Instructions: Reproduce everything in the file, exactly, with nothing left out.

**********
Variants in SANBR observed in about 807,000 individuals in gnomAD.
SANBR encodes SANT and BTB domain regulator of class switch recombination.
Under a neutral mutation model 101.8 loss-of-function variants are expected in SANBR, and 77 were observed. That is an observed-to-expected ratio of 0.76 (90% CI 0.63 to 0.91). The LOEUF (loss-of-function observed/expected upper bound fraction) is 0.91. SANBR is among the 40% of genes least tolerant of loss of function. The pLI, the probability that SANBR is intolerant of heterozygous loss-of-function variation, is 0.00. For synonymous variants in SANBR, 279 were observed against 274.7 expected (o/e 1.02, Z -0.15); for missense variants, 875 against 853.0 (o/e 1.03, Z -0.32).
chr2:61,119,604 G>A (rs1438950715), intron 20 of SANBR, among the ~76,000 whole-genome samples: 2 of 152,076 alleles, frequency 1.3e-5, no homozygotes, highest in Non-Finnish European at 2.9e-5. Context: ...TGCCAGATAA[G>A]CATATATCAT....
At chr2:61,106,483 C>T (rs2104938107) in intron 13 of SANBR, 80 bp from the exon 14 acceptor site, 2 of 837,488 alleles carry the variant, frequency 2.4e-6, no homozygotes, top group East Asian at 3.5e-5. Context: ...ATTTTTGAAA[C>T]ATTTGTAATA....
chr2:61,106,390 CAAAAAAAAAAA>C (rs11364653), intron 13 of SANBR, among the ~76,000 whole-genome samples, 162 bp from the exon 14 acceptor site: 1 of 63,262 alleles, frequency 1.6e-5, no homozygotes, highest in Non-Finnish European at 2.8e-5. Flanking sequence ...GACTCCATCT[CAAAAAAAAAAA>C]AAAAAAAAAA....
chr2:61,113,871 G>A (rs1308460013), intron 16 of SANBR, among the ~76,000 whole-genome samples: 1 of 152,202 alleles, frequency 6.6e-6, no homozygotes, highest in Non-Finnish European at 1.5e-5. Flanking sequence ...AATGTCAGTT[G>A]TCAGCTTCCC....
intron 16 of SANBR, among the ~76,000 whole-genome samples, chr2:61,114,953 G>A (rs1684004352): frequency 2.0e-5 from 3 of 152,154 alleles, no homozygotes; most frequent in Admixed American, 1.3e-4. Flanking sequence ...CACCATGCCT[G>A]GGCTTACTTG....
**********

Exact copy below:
Variants in SANBR observed in about 807,000 individuals in gnomAD.
SANBR encodes SANT and BTB domain regulator of class switch recombination.
Under a neutral mutation model 101.8 loss-of-function variants are expected in SANBR, and 77 were observed. That is an observed-to-expected ratio of 0.76 (90% CI 0.63 to 0.91). The LOEUF (loss-of-function observed/expected upper bound fraction) is 0.91. SANBR is among the 40% of genes least tolerant of loss of function. The pLI, the probability that SANBR is intolerant of heterozygous loss-of-function variation, is 0.00. For synonymous variants in SANBR, 279 were observed against 274.7 expected (o/e 1.02, Z -0.15); for missense variants, 875 against 853.0 (o/e 1.03, Z -0.32).
chr2:61,119,604 G>A (rs1438950715), intron 20 of SANBR, among the ~76,000 whole-genome samples: 2 of 152,076 alleles, frequency 1.3e-5, no homozygotes, highest in Non-Finnish European at 2.9e-5. Context: ...TGCCAGATAA[G>A]CATATATCAT....
At chr2:61,106,483 C>T (rs2104938107) in intron 13 of SANBR, 80 bp from the exon 14 acceptor site, 2 of 837,488 alleles carry the variant, frequency 2.4e-6, no homozygotes, top group East Asian at 3.5e-5. Context: ...ATTTTTGAAA[C>T]ATTTGTAATA....
chr2:61,106,390 CAAAAAAAAAAA>C (rs11364653), intron 13 of SANBR, among the ~76,000 whole-genome samples, 162 bp from the exon 14 acceptor site: 1 of 63,262 alleles, frequency 1.6e-5, no homozygotes, highest in Non-Finnish European at 2.8e-5. Flanking sequence ...GACTCCATCT[CAAAAAAAAAAA>C]AAAAAAAAAA....
chr2:61,113,871 G>A (rs1308460013), intron 16 of SANBR, among the ~76,000 whole-genome samples: 1 of 152,202 alleles, frequency 6.6e-6, no homozygotes, highest in Non-Finnish European at 1.5e-5. Flanking sequence ...AATGTCAGTT[G>A]TCAGCTTCCC....
intron 16 of SANBR, among the ~76,000 whole-genome samples, chr2:61,114,953 G>A (rs1684004352): frequency 2.0e-5 from 3 of 152,154 alleles, no homozygotes; most frequent in Admixed American, 1.3e-4. Flanking sequence ...CACCATGCCT[G>A]GGCTTACTTG....